There are three burial grounds in Borgue parish. The largest is on the outskirts of Borgue village, a second is in the picturesque hamlet of Kirkandrews, and the third is in an isolated position, inaccessible by road, in the Senwick part of the parish.
Google Street Views
The following two Google street views are of the Borgue and Kirkandrews graveyards respectively (there is no street view of Senwick graveyard).
First and Second Statistical Accounts of the Parish
Side by Side Mapping
The website of the National Library of Scotland has a fascinating map viewer. Clicking on each of the images shown below will open a page showing an early Ordnance Survey map showing the old kirkyards alongside a modern satellite view of the same area. Once open, the maps can be scrolled and zoomed and different map combinations can be selected.
Senwick Old Kirkyard
The Parish of Borgue used to be well known locally as “the land of milk and honey”. This description continues to be appropriate today despite the many changes in agriculture in recent years. Roughly two thirds of the land in the parish is arable, the remaining third being woodland and rough pasture. The undulating landscape is unusual and interesting, consisting of small fields bounded by dry stane dykes, with characteristic rocky outcrops or knowes scattered randomly. The fertile areas between the knowes offer excellent grazing for dairy cattle, providing milk, and the knowes are often rich in plant and insect life, providing honey. The quality of both the milk and the honey that comes from Borgue is locally known to be unrivalled.
Many of the farmhouses and steadings form attractive groups of traditional buildings which were once populated by farmers, dairymen, shepherds, stockmen and agricultural labourers. Today, many farms have been merged to form larger units resulting in many redundant steadings and houses. Increased mechanisation has also brought about a sharp fall in the numbers of people involved in agriculture. Many of the former farm cottages have been sold as homes for retired people, whilst steadings have become complexes of holiday homes as farmers seek to diversify and find new sources of income.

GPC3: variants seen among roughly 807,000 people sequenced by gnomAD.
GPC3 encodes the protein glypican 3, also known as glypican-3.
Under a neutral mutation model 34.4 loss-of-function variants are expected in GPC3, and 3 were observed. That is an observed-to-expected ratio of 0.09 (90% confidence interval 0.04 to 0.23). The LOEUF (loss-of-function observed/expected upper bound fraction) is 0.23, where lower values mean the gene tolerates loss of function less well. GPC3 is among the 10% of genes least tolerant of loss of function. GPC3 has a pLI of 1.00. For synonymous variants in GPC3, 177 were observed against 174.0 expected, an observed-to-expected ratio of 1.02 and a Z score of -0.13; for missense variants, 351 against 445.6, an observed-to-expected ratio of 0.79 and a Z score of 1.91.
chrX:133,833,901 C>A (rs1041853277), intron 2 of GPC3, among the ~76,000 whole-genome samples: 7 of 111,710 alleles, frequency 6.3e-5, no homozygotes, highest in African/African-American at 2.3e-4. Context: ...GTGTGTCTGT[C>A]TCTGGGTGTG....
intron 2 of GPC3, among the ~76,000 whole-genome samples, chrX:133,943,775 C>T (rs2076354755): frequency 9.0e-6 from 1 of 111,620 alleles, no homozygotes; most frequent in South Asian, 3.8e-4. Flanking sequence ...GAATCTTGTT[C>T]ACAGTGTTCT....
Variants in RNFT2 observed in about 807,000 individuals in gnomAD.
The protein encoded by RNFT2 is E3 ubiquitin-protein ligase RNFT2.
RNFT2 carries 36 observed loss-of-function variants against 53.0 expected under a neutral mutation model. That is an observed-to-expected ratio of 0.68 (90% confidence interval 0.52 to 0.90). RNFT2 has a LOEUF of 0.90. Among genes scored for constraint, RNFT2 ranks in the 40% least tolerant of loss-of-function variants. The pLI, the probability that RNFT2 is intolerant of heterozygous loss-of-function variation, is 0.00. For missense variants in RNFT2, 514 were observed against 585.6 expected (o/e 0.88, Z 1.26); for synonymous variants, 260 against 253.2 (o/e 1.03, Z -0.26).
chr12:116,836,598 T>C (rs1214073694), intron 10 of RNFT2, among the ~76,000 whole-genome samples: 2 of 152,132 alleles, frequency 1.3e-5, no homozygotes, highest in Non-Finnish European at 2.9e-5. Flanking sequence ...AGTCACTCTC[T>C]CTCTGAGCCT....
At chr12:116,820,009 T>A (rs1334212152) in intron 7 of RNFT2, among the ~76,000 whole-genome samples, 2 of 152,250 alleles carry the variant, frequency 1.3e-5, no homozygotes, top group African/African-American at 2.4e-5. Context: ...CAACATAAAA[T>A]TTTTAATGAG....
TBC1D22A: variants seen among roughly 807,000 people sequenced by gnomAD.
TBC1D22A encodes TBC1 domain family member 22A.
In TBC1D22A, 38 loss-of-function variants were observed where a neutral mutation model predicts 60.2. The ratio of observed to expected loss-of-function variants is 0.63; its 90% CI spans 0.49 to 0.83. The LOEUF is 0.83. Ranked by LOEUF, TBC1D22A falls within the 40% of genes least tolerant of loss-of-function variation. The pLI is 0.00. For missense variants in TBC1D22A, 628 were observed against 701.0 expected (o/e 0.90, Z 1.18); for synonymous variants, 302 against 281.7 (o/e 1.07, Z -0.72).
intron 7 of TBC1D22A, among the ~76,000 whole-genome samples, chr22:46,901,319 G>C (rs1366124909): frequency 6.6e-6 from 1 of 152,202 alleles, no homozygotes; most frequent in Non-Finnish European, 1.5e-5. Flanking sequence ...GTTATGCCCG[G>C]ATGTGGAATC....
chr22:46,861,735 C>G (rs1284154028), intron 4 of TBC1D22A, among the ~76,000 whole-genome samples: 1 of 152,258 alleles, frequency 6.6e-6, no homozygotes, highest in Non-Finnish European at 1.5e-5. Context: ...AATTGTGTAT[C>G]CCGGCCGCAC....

The parish has several miles of coastline, every part of which is of great scenic value, being indented with bays separated by rocky promontories and sometimes sheltered by trees. Ranges of high cliffs give way to grassy heughs which are rich in both flora and fauna, and the occasional small sandy beaches are much enjoyed by both local people and holidaymakers. Farmers fortunate enough to own sections of this coastline have been more fortunate than their inland colleagues in finding opportunities for diversification.
The only permanent settlement in the parish that is of any size is the village of Borgue, whose inhabitants are proud to still retain their own church, hotel and school. They also retain a strong sense of community, and thanks to the influence of a long succession of distinguished and prosperous farming families, have been able to punch well above their apparent weight in local affairs.
Nowadays, the biggest population, in the summer months at least, is to be found in caravan and holiday parks such as Brighouse Bay Leisure Park. Among its facilities are a swimming pool, a golf course, launching facilities for small boats and a well-equipped shop.
Those people in the parish of working age, who are not engaged in agriculture or tourism-related employment generally commute to Kirkcudbright, Gatehouse of Fleet, Castle Douglas, or Dumfries. Kirkcudbright’s growing fishing fleet includes several vessels owned and crewed by Borgue men, so Borgue is fast developing into “the land of milk, honey, tourists, scallops and prawns.”
David R. Collin 2010